The ideal property is sitting there and you want to get in as fast as possible to start trading. As this is a new venture you will no doubt be leasing the property. You have a draft lease ready to sign. Do you waste time and money referring it to a lawyer?
A commercial lease can be a complicated document. It is potentially full of pitfalls which an untrained eye may not pick up. You want your business to be successful so it is perhaps not in your best interest not to get expert legal advice. After all don’t you want to ensure that you are aware of the legal issues before entering into a legal contract?
It is usual practice to first negotiate an in principle schedule of agreed points. This is called the ‘head of terms’. This document is not binding, but it allows the lawyers to ensure that the lease reflect what you have agreed: the lawyers acting for the Landlord can draft the lease and the tenants lawyers can use this document to ensure that they have followed the agreed terms.
Here are some important points that you should consider including in the heads of terms:
Fitting out a restaurant can be expensive and time-consuming. Even when you commence trading it may take a little time to attract clients to your new restaurant. You need to consider this very carefully as during this period you are unlikely to be receiving income.
As such you should be considering asking the landlord for a Rent free period. You should encourage your potential landlord to work with you to make the business a success, so you can both benefit in the long term.
You will need to consider what works are required to furbish your new restaurant. All leases will have considerations as to what you can and cannot do regarding works at the premises. Generally Tenants will need permission to carry out works and this not only from the Landlord but also from Jersey planning and building control.
While stating the obvious you need to ensure that you have permission to carry out the works you plan (at least in principle) before you enter into the lease.
Tenants of restaurants tend to take a lease of part of a building only (e.g. the ground floor only).
If you are only taking on part of the landlords building, you will need to obtain agreement from the Landlord to keep the rest of the building, especially the structure, exterior parts and roof, in good repair. This could cause you additional costs or a loss of revenue if the landlord argues that it is not his responsibility. You should also be careful to consider what responsibilities you have in relation to repairs and decoration.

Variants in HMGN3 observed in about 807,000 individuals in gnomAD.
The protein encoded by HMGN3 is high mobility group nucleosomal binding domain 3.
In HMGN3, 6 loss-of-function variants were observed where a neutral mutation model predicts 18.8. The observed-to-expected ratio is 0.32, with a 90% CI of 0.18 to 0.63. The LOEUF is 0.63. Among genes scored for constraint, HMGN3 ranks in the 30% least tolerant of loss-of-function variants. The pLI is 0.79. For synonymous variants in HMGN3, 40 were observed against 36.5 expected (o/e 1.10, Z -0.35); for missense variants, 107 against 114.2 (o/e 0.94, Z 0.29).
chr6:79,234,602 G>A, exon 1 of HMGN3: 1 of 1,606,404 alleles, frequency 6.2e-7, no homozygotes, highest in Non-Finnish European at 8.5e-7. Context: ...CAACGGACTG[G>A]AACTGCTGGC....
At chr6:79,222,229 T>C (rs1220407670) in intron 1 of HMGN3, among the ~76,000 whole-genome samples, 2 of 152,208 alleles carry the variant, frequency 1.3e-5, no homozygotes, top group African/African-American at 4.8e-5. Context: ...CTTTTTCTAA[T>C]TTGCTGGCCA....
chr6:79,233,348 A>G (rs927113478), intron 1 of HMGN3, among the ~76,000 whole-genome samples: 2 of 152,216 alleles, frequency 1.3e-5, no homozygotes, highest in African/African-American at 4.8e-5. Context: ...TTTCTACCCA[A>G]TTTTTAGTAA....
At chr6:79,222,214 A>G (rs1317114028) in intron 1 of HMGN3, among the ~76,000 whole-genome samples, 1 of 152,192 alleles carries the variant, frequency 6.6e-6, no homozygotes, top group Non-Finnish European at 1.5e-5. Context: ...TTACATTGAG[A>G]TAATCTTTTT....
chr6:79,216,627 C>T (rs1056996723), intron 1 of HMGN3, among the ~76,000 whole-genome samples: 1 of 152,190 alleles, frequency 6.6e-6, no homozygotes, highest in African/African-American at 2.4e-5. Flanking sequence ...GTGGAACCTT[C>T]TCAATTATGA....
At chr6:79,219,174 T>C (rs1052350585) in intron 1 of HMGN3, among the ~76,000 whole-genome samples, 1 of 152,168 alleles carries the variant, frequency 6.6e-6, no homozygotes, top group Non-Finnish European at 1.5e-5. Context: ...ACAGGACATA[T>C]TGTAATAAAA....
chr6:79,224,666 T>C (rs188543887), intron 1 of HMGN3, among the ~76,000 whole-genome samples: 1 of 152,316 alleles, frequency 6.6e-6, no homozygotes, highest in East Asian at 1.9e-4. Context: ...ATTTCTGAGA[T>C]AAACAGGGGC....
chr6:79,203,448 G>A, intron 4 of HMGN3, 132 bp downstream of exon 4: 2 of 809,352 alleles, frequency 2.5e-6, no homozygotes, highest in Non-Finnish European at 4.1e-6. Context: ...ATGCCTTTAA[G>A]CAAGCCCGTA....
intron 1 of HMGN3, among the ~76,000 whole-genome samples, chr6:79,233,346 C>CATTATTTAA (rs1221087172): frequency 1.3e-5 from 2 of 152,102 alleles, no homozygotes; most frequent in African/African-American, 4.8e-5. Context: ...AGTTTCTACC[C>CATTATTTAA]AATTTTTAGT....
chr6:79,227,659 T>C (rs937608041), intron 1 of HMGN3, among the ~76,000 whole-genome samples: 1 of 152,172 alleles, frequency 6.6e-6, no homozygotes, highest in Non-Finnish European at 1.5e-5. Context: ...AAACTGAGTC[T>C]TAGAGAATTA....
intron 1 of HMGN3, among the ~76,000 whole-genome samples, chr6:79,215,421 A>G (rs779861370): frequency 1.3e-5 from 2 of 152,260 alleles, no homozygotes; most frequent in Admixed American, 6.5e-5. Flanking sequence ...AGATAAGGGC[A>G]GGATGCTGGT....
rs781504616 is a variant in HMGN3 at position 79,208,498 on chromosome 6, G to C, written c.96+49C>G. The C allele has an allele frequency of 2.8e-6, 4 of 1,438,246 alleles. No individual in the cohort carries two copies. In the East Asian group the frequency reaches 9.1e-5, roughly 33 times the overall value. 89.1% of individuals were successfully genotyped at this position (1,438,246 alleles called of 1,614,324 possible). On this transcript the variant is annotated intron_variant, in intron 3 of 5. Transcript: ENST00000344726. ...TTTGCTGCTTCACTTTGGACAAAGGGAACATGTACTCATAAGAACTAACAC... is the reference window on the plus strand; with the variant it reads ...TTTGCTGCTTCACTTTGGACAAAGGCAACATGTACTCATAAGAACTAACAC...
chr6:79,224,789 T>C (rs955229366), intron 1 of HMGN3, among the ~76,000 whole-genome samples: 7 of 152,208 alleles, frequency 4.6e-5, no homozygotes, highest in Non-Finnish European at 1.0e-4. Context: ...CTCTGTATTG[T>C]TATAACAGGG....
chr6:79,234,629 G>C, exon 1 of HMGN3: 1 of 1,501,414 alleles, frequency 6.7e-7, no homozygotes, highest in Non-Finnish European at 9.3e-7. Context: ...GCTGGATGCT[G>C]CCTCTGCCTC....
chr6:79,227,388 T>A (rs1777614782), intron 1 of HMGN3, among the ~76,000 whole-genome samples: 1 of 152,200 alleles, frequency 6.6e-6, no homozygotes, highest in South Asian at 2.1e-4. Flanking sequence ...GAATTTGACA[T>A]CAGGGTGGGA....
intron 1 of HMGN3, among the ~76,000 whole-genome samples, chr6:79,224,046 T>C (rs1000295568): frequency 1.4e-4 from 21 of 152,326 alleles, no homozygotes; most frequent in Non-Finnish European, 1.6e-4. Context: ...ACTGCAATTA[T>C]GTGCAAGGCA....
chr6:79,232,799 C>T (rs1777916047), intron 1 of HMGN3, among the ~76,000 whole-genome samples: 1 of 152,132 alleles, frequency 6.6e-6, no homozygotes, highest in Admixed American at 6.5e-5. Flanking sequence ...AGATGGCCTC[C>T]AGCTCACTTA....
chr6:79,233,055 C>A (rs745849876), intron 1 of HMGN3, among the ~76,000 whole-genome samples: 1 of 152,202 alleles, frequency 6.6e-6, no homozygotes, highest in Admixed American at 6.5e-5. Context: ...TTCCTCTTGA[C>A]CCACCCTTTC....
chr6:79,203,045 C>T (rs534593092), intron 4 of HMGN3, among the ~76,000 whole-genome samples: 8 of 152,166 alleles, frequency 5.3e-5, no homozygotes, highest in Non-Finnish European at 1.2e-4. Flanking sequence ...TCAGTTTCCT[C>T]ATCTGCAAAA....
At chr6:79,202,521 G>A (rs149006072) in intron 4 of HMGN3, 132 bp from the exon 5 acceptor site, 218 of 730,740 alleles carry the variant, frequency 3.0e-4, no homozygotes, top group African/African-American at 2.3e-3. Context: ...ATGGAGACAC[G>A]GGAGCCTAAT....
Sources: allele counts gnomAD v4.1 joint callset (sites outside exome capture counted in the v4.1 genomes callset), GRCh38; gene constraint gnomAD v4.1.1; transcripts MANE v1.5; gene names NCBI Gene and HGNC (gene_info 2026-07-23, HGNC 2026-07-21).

Moreover you need to consider service charges. This is a cost usually found in a commercial lease and allows the landlord to recoup additional costs from you. In general terms Jersey leases will contain such a clause. As such consideration should be given to limiting your exposure to these costs.
Risk should always be considered when starting a new venture. Just in case your restaurant does not take off. You should therefore always try to agree a right to break the lease early on in the term (for example on the 2nd or 3rd anniversary). That way, you know that you won’t have to find a way of keeping up with rental payments until the end of the lease for a Property you would rather be without.
There is a trend in Jersey to have outside restaurant seating. Remember the lease guides what you can do and as such If you intend to put seating for customers outside, make sure early on that the landlord will allow this. It is also likely that you will need a licence from the parish to put tables and chairs for your restaurant in the street.
You should also bear in mind that the Landlord will have the right to impose hours of opening. Therefore ensure that you reach agreement with him as to trading hours (subject to planning restrictions and other applicable laws).
There are numerous other issues to consider but this overview should give you an idea of the points to look out for. However please remember that legal advice at the outset could save you a lot of money and angst in the future.
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The information and opinion expressed in this briefing does not purport to be definitive or comprehensive and are not intended to provide professional advice. For specific advice, please contact Parslows, We are not responsible for, and do not accept any responsibility or liability in connection with, the content of this document or any reliance upon it